The Sovereign Council of Sudan – a joint civilian-military cabinet in place since September officially – said it was not notified of the meeting ahead of time, minister of information and government spokesman Faisal Mohamed Saleh said on Monday.
“We have received information through media outlets saying that the chief of the Sovereign Council, General Abdel Fattah al-Burhan, has met the Israeli prime minister in Entebbe, Uganda,” the statement sent to Middle East Eye explained.
“The council of ministers hasn’t been notified or consulted over such a meeting, so we are waiting for clarification after the return of the chief of the Sovereign Council,” the minister noted.
Saleh’s statement came after hours of silence by the interim government, raising questions about the relations within the council between its civilian and military members, who had stood in stark opposition to one another during the uprising that led to the downfall of Omar Bashir in April last year.
A senior Sudanese military officer disclosed to local media that the meeting had been facilitated by the United Arab Emirates, with Saudi Arabia and Egypt having knowledge of the plan.
Palestinian leaders have condemned the meeting, calling it a “stab in the back”.
Palestine Liberation Organization (PLO) Secretary-General Saeb Erekat urged the pro-uprising Forces of Freedom and Change (FFC) coalition within the Sovereign Council to reject both Trump’s Israeli-Palestinian plan and normalization between Sudan and Israel.
The United States confirmed the meeting took place, welcoming it warmly.
In a statement, US State Department spokesperson Morgan Ortagus thanked Burhan “for his leadership in normalizing ties with Israel,” adding that the Sudanese general and US Secretary of State Mike Pompeo had agreed during a call on Sunday to work towards a stronger bilateral relationship between Washington and Khartoum.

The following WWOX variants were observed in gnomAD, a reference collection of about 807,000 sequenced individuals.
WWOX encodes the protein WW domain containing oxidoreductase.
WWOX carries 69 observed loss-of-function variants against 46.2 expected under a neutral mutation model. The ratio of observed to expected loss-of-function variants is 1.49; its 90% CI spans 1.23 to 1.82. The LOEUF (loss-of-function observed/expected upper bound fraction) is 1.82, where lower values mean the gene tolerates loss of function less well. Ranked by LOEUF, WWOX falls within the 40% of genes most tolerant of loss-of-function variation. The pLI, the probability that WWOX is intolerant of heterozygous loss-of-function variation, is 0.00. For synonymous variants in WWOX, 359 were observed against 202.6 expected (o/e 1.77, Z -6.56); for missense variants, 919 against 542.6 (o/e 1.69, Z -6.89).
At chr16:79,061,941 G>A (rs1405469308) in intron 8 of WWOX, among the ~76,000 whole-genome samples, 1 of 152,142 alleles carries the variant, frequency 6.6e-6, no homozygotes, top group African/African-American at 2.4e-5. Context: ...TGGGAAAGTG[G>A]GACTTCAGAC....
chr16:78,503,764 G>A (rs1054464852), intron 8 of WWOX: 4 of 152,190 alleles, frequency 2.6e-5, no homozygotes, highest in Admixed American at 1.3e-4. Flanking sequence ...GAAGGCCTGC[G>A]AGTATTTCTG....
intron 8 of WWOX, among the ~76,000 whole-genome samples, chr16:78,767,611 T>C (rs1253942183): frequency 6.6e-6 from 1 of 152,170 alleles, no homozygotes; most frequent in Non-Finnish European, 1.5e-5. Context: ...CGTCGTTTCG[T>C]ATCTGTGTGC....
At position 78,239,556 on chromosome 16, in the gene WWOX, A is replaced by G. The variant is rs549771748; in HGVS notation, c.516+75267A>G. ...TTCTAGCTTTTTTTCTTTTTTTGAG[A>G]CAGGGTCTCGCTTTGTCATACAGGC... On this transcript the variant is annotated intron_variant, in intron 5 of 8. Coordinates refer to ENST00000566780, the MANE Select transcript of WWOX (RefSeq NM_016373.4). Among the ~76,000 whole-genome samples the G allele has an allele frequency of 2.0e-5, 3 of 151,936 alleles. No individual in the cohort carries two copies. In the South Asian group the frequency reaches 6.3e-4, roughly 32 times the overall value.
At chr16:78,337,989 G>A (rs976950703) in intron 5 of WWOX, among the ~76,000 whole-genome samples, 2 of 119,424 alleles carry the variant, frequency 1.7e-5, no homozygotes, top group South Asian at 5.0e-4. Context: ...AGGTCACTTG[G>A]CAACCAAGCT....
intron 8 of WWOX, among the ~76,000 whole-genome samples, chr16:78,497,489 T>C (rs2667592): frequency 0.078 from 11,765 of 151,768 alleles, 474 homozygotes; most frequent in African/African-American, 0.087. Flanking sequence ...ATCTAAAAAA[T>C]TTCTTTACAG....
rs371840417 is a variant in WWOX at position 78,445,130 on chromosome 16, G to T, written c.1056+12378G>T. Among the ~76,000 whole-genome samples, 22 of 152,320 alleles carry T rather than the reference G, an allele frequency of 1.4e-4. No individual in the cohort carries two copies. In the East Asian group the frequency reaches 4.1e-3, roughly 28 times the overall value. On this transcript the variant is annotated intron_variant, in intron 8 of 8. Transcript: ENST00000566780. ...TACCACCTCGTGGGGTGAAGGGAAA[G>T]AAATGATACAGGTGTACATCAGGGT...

The statement further noted that Pompeo had invited Burhan to Washington, DC to meet with him later in the year.
The Sovereign Council on Sunday confirmed that the phone call between Burhan and Pompeo took place.
The announcement of “healthier” US-Sudanese ties comes as Washington announced last week it was implementing more stringent immigration restrictions on Sudanese nationals under Trump’s much decried travel ban.
It remains unclear whether the promise of warming US-Sudanese relations – as Khartoum remains on a US blacklist and subjected to crippling international sanctions – was conditioned on normalizing relations with Israel.
A staunch Israel supporter, Trump and his administration have not hidden their desire to have Arab and Middle Eastern states officially open diplomatic ties with Israel and recognize the country.
Atlantic Council senior fellow and former US diplomat Cameron Hudson told MEE he believed the Trump administration was behind the meeting.
“Pompeo made the call to Burhan at the request of the Israelis,” he alleged. “I believe improving relations with any and all nations is in Sudan’s interests and is in line with the government’s policy of a balanced foreign policy.
“Improving relations with Israel specifically marks an important break with past pro-Iranian, pro-Islamist policies of the Bashir regime,” Hudson added. “This will be very welcome in the West.”